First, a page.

Back in the 1980s a friend of mine was complaining about the many telemarketing calls he was getting, saying he thought it "was an invasion of privacy". My response was "Of course it's an invasion of privacy. Any phone call is an invasion of privacy."
The point to keep in mind here is that if you are going to live in a society, you necessarily will have to give up some of your privacy. The only way to have perfect privacy wold be to live by yourself on a desert island, or some other isolated place, and have no contact with the outside world.
The question is where do we draw the line between legal and illegal invasions of privacy. For a good discussion of this issue I refer you to the Oliver Sipple case, which I recently heard about on NPR's "Radio Lab" show.
Oliver Sipple was a decorated marine veteran who grabbed the arm of a would-be assassin of President Ford in San Francisco in 1975, instantly becoming a hero as he possibly saved the president's life. Part of the reporting which followed discussed the fact that he was gay.
Although Sipple was well-known to be gay in the San Francisco gay community, his family had not known until he was involuntarily outed by the media. His parents disowned him and broke all ties with him as a result. Sipple sued the San Francisco Chronicle for invasion of privacy.
The final decision in the case came in 1984, nine years after the original incident. The court rejected Sipple's claim, holding that summary judgment was proper in the case, and a trial was not necessary because the undisputed facts showed that Sipple had no legal claim.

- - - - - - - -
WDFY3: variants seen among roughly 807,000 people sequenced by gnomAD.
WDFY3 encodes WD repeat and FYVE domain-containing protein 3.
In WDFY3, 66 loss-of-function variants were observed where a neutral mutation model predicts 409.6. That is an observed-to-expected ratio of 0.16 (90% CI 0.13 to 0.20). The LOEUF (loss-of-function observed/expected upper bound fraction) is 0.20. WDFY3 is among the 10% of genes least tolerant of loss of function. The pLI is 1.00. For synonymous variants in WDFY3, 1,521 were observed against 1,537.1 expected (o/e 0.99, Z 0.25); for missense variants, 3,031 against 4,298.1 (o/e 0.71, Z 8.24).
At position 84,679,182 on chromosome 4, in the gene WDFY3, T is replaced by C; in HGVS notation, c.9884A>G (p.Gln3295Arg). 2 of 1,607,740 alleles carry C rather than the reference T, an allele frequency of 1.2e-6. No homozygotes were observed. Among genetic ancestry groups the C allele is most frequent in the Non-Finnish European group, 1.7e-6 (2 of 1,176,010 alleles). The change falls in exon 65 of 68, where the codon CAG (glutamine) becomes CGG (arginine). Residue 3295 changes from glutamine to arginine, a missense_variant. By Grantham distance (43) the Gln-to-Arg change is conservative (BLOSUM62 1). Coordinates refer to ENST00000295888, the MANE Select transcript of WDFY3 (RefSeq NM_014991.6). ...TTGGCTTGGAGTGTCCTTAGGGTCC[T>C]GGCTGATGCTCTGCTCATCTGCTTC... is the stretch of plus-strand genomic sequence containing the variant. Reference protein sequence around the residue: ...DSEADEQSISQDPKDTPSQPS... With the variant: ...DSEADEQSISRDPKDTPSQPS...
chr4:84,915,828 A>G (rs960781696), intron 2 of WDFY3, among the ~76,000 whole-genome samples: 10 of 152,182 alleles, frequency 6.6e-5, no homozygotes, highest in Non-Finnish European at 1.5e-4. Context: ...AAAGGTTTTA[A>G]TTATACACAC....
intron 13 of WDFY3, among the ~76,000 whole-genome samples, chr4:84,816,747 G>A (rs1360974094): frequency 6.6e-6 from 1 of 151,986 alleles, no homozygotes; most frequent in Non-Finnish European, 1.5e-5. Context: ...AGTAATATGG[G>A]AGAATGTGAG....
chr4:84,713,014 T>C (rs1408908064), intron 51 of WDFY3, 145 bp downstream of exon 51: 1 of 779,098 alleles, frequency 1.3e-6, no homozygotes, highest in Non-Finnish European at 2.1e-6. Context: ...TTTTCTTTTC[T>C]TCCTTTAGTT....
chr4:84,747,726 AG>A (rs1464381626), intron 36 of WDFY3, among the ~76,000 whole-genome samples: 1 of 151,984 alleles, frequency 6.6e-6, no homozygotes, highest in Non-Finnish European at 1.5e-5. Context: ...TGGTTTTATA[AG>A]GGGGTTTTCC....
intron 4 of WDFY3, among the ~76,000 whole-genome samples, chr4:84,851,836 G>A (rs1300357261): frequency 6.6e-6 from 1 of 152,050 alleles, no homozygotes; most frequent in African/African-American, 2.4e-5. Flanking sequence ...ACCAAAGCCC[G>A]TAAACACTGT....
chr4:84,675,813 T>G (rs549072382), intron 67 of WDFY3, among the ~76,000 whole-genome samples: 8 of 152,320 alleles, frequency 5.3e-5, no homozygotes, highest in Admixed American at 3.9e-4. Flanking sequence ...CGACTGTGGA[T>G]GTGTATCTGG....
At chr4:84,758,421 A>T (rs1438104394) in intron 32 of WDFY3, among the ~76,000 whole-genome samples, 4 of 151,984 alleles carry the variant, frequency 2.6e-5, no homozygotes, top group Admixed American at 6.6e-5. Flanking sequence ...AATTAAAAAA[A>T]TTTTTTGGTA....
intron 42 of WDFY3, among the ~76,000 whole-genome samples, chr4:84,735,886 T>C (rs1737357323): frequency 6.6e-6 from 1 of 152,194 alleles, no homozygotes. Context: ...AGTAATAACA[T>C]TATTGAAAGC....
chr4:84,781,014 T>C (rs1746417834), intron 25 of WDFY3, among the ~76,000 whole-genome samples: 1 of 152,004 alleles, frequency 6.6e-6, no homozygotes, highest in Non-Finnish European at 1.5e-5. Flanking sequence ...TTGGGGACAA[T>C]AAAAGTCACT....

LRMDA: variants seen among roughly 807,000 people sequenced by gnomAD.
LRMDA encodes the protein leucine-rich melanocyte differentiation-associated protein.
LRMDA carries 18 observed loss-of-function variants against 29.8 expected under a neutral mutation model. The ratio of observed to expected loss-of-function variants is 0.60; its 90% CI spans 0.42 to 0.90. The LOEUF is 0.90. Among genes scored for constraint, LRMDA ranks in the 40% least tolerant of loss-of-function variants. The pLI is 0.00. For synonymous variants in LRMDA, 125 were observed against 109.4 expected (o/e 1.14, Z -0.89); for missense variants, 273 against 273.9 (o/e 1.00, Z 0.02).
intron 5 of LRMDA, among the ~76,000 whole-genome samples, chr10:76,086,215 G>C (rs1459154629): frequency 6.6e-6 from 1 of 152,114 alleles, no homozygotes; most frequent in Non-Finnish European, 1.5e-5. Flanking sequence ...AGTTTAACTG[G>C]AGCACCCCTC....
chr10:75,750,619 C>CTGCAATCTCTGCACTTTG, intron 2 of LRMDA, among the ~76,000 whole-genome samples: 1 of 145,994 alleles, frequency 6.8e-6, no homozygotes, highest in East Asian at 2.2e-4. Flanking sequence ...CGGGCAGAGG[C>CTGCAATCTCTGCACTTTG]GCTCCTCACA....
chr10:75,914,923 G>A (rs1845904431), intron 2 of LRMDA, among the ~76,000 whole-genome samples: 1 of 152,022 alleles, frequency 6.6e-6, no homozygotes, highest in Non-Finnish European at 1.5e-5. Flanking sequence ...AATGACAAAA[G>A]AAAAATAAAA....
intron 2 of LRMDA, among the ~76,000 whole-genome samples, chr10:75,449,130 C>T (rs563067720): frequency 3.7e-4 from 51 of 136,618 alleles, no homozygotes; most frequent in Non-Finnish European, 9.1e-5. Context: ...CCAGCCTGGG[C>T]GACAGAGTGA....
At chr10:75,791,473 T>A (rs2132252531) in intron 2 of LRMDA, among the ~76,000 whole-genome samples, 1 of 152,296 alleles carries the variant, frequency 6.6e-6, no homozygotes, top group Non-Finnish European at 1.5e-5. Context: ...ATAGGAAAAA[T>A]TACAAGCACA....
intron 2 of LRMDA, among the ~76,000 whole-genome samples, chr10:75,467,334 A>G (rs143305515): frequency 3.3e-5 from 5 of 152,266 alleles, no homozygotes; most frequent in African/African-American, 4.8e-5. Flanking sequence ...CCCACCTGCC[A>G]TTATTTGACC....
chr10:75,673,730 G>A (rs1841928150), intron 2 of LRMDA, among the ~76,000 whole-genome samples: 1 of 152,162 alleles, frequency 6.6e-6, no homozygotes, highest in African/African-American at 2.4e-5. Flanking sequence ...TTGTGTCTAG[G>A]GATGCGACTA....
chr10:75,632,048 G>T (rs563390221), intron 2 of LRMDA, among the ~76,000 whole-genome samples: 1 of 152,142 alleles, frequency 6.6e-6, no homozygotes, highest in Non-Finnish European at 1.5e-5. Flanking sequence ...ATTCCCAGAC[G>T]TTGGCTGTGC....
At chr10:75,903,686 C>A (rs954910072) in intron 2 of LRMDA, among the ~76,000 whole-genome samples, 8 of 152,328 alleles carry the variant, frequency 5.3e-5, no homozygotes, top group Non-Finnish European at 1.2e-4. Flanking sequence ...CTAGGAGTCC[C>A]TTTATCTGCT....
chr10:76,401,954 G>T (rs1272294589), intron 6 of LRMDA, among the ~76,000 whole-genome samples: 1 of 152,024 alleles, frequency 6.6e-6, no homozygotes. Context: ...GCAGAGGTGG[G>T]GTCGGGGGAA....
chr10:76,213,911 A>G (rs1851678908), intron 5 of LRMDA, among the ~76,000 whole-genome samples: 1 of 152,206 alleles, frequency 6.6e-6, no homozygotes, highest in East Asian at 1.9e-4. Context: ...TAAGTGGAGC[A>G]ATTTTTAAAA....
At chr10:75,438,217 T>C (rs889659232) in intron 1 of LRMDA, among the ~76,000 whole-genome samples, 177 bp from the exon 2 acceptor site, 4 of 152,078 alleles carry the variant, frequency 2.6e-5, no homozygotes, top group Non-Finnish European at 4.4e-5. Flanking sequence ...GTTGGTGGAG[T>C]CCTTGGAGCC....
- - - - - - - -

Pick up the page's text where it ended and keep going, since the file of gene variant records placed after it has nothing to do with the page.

The basic principle relied on by the court was that "When the subject-matter of the publicity is of legitimate public concern, there is no invasion of privacy." Here the newsworthiness was two-fold: one, to counter the popular perception (at that time) that gay men were timid, weak, and unheroic; and two, to raise the important question of whether President Ford's failure to promptly thank Sipple for saving his life was due to Sipple's homosexuality.
There was another, independent, basis for the court's conclusion, and that is that the facts complained of were not private. This is because Sipple was well-known in the gay community before this event. The court noted that "prior to the publication of the newspaper articles in question, appellant's homosexual orientation and participation in gay community activities had been known by hundreds of people in a variety of cities, including New York, Dallas, Houston, San Diego, Los Angeles, and San Francisco." Hence, his sexual orientation was already in the public domain, and the articles in question "did no more than to give further publicity to matters which appellant left open to the eye of the public."
Sipple's health declined over the years, and he drank heavily. He was found dead in his apartment in 1989, with a bottle of booze next to him and his TV still on. He had often expressed regret that he had tried to foil the assassination attempt, because of the unwanted publicity it brought him.
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